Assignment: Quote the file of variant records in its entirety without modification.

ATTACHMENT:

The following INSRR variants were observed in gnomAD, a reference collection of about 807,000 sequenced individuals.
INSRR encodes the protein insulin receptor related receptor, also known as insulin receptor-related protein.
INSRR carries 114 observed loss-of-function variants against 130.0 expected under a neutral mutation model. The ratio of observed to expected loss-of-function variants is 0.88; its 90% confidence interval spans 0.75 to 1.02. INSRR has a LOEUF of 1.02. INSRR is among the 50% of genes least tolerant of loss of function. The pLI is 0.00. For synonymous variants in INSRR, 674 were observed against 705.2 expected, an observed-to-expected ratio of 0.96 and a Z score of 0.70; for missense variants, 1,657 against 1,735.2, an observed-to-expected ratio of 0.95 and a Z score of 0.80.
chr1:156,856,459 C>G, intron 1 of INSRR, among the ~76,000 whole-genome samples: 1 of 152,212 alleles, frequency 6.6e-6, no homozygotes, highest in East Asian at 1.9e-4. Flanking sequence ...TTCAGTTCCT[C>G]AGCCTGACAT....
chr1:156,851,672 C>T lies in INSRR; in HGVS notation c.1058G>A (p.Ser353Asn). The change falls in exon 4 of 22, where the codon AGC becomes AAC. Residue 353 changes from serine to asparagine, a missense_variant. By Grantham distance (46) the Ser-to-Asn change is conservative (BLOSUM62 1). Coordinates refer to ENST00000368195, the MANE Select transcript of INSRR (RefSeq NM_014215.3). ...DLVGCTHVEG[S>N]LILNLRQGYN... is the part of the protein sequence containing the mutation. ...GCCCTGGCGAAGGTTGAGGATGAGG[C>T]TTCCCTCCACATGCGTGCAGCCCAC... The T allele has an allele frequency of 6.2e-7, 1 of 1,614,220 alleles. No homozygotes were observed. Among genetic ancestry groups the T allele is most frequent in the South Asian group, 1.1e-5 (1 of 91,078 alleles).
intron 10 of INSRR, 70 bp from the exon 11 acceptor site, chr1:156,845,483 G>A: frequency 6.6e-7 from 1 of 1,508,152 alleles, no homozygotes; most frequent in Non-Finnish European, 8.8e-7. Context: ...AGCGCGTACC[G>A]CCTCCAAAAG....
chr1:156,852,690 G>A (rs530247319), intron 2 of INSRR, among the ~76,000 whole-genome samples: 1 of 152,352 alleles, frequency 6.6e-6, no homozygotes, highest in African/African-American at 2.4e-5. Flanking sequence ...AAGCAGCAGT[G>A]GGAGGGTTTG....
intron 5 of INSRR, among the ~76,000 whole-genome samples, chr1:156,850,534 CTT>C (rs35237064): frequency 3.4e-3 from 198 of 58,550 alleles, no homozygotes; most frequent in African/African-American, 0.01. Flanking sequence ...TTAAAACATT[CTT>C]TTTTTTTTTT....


The following INSRR variants were observed in gnomAD, a reference collection of about 807,000 sequenced individuals.
INSRR encodes the protein insulin receptor related receptor, also known as insulin receptor-related protein.
INSRR carries 114 observed loss-of-function variants against 130.0 expected under a neutral mutation model. The ratio of observed to expected loss-of-function variants is 0.88; its 90% confidence interval spans 0.75 to 1.02. INSRR has a LOEUF of 1.02. INSRR is among the 50% of genes least tolerant of loss of function. The pLI is 0.00. For synonymous variants in INSRR, 674 were observed against 705.2 expected, an observed-to-expected ratio of 0.96 and a Z score of 0.70; for missense variants, 1,657 against 1,735.2, an observed-to-expected ratio of 0.95 and a Z score of 0.80.
chr1:156,856,459 C>G, intron 1 of INSRR, among the ~76,000 whole-genome samples: 1 of 152,212 alleles, frequency 6.6e-6, no homozygotes, highest in East Asian at 1.9e-4. Flanking sequence ...TTCAGTTCCT[C>G]AGCCTGACAT....
chr1:156,851,672 C>T lies in INSRR; in HGVS notation c.1058G>A (p.Ser353Asn). The change falls in exon 4 of 22, where the codon AGC becomes AAC. Residue 353 changes from serine to asparagine, a missense_variant. By Grantham distance (46) the Ser-to-Asn change is conservative (BLOSUM62 1). Coordinates refer to ENST00000368195, the MANE Select transcript of INSRR (RefSeq NM_014215.3). ...DLVGCTHVEG[S>N]LILNLRQGYN... is the part of the protein sequence containing the mutation. ...GCCCTGGCGAAGGTTGAGGATGAGG[C>T]TTCCCTCCACATGCGTGCAGCCCAC... The T allele has an allele frequency of 6.2e-7, 1 of 1,614,220 alleles. No homozygotes were observed. Among genetic ancestry groups the T allele is most frequent in the South Asian group, 1.1e-5 (1 of 91,078 alleles).
intron 10 of INSRR, 70 bp from the exon 11 acceptor site, chr1:156,845,483 G>A: frequency 6.6e-7 from 1 of 1,508,152 alleles, no homozygotes; most frequent in Non-Finnish European, 8.8e-7. Context: ...AGCGCGTACC[G>A]CCTCCAAAAG....
chr1:156,852,690 G>A (rs530247319), intron 2 of INSRR, among the ~76,000 whole-genome samples: 1 of 152,352 alleles, frequency 6.6e-6, no homozygotes, highest in African/African-American at 2.4e-5. Flanking sequence ...AAGCAGCAGT[G>A]GGAGGGTTTG....
intron 5 of INSRR, among the ~76,000 whole-genome samples, chr1:156,850,534 CTT>C (rs35237064): frequency 3.4e-3 from 198 of 58,550 alleles, no homozygotes; most frequent in African/African-American, 0.01. Flanking sequence ...TTAAAACATT[CTT>C]TTTTTTTTTT....